Breakfast at Serafina’s
Here’s a scene from Death of a Serpent, the first standalone in the Serafina Florio mystery series. It’s full of characters and family dynamic. The star of the show, Serafina is a midwife-turned sleuth who lives with her family in a fictitious town near Palermo, Sicily in the 1860s.
Wednesday, October 31, 1866
Serafina entered the kitchen, scooped a few olives from the barrel, and popped them into her mouth. “What’s for dinner, Renata, my good sweetness?”
“Chopped eggplant with melted goat cheese on garlic bread, swordfish and broccoli with charred pig over a hot green salad,” Renata said.
Carlo rattled his paper. “Asking about dinner when we haven’t eaten breakfast yet?”
“You’re home early my disheveled doctor. Skipped out on your exams?”
He rose to greet Serafina. “Renata wrote to me about Carmela so I came a few days early. Stubborn, my sister. Perhaps I can help her to see.”
“I’ve tried, believe me. She has no time for me. Visit as much as you like, but I’m finished. No more talk of Carmela.” She felt the prickle of tears and swiped them from her eyes.
“But you can’t just—” He stopped when Renata put a finger to her lips.
Carlo buried his face again in Giornale di Sicilia. “Where’ve you been so early in the morning?” he asked.
“None of your business. You think just because you’re a big shot, the world owes you an explanation.” She swatted his newspaper. Then kissed him, hugged him a little longer than usual.
“You smell like the sea, Mama.”
“And you, like the cadaver room, and your hair needs a trimming. Poor Gloria.”
“Assunta is doing his laundry. He brought at least a month’s worth with him.” Renata rolled her eyes. “And since you ask, Mama takes long walks in the morning.”
“Alone?” Carlo asked.
“It’s perfectly safe. The ne’er-do-wells are sleeping, and I walk no farther than the cove. Well, not too much farther than the edge of town.”
Renata scraped crumbs from the table. “He left early for the shop. He’s expecting the arrival of some supplies. After breakfast, I’m going to Sabatini’s for honey. I might buy some figs if they look good.”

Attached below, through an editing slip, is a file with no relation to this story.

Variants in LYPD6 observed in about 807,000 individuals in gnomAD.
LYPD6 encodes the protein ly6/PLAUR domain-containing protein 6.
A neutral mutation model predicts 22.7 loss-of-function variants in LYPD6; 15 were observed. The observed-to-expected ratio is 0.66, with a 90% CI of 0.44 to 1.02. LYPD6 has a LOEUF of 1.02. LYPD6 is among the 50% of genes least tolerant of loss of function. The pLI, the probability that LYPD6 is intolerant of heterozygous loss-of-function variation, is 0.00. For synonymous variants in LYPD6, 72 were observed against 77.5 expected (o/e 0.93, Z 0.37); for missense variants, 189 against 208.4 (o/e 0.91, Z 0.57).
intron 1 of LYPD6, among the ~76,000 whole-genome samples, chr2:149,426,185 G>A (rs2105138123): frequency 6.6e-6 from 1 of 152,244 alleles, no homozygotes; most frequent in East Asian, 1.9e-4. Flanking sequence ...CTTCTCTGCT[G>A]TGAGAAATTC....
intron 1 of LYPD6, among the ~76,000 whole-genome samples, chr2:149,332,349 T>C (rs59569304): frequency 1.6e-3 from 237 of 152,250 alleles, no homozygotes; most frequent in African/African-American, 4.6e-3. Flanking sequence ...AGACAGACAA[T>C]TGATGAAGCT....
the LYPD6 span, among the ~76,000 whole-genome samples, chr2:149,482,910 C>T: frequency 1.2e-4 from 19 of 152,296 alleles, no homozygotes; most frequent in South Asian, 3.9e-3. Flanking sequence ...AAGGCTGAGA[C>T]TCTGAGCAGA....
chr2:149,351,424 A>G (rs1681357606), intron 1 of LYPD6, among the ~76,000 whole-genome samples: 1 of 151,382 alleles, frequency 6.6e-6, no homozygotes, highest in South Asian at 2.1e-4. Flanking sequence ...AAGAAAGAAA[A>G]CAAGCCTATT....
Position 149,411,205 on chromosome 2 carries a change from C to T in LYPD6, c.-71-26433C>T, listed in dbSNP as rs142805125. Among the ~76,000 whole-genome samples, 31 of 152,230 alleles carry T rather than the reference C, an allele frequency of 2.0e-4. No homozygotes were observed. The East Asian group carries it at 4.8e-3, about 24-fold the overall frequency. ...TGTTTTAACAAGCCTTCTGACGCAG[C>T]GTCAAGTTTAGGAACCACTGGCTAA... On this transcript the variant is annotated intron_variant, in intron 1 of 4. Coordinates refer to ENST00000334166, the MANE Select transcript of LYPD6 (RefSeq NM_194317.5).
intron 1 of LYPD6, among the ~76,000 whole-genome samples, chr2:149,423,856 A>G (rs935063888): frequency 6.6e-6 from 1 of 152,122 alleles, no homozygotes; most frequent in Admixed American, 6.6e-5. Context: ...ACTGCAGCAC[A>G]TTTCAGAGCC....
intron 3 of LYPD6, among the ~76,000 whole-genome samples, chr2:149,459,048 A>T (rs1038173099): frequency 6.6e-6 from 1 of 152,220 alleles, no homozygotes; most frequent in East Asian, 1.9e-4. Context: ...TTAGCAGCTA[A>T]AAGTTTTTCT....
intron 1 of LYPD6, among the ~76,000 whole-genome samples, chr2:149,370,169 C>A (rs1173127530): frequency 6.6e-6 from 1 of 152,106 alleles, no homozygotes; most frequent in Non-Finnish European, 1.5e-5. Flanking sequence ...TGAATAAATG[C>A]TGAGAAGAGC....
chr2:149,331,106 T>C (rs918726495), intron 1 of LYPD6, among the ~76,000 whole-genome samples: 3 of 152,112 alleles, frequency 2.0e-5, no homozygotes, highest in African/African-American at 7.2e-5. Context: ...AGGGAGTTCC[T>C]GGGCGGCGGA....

Giulia and Maria sat on the other side of the kitchen, both of them busy. Serafina smiled, watching Giulia’s finger moving underneath a string of English words as she read her Godey’s. Maria studied a sheet of music. They ran to kiss her when Serafina called to them.
Chewing a piece of bread she’d swiped from Carlo’s plate, Serafina said, “Giulia, I have an assignment for you, but later. Maria, my lamb, a new piece of music?”
“Brahms. All the rage in Europe, Donna Minerva says.”
“I know, but you’re too young for that darkness. Stick to Scarlatti.”
“I’m teasing. But a little lightness would be good for us today. Merriment, please.” She looked at her watch pin.
“I fixed the hem of your wool dress,” Giulia said, “and hung it back in your closet.”
“You did it before I even asked.” She kissed Giulia’s head.
“Graziella had her baby last night, I heard,” Renata said.
“A boy with excellent lungs.” Serafina reached into her reticule, handed over the money. “From the proud father.”
She wiped the corners of her mouth with forefinger and thumb, and sighed, “I thought Maria would be the midwife, but she was born for music, Giulia for costuming, you for cuisine. No matter, we must each follow our own specialness. Too bad your papa died before we could have made one more girl.”
Renata set her mother’s breakfast on the table, and Serafina sat. She took a bite of breakfast and closed her eyes. “The orange sauce, delicious. Makes me crazy, such bitterness smashing into sweetness, the smell of almonds and oranges mixed in with the aroma of your caffè—divine, your biancomangiare. I feel springtime invade November.” She twirled her spoon.
Carlo reached for part of Serafina’s bread but she slapped his hand.
“Not yet November,” he corrected.
“Make sure we have enough cream and eggs for tomorrow’s breakfast. Sabatini’s honey, you say? Get a big jar. I need to eat well. Rosa’s guards and I have business.”
Carlo folded his paper. “What sort of business? Better yet; don’t tell us, it’s too early to hear about your treacheries.”
“We search the lower part of town and shore for clues to the killing of Rosa’s women.”
Her children stared at her as if she had spoken in a different tongue. She looked from one to the other. Then the dawn: the loss of their father was raw, her efforts at comedy, another one of her failures. “Not to worry,” she said, softly. “The wild one hasn’t been invented who can rid the world of me.”
Giulia’s finger began moving again on the page of her magazine. Maria buried her head in her music, humming a strange melody.
The domestic entered, carrying Totò. When he saw Serafina, he reached out to her.
“See how he adores me?” she asked Carlo.
“Wait a few years,” he said.
She got up and walked over to her youngest son, arms outstretched. “Renata, some breakfast for our little prince, and warm milk with bits of chocolate. He needs to eat, grow tall like his brother, don’t you, my honey bee, but without his fat mouth.” She planted his face with kisses. “And your specialness, my little man, what is it? Never mind, you’ll know it soon enough.”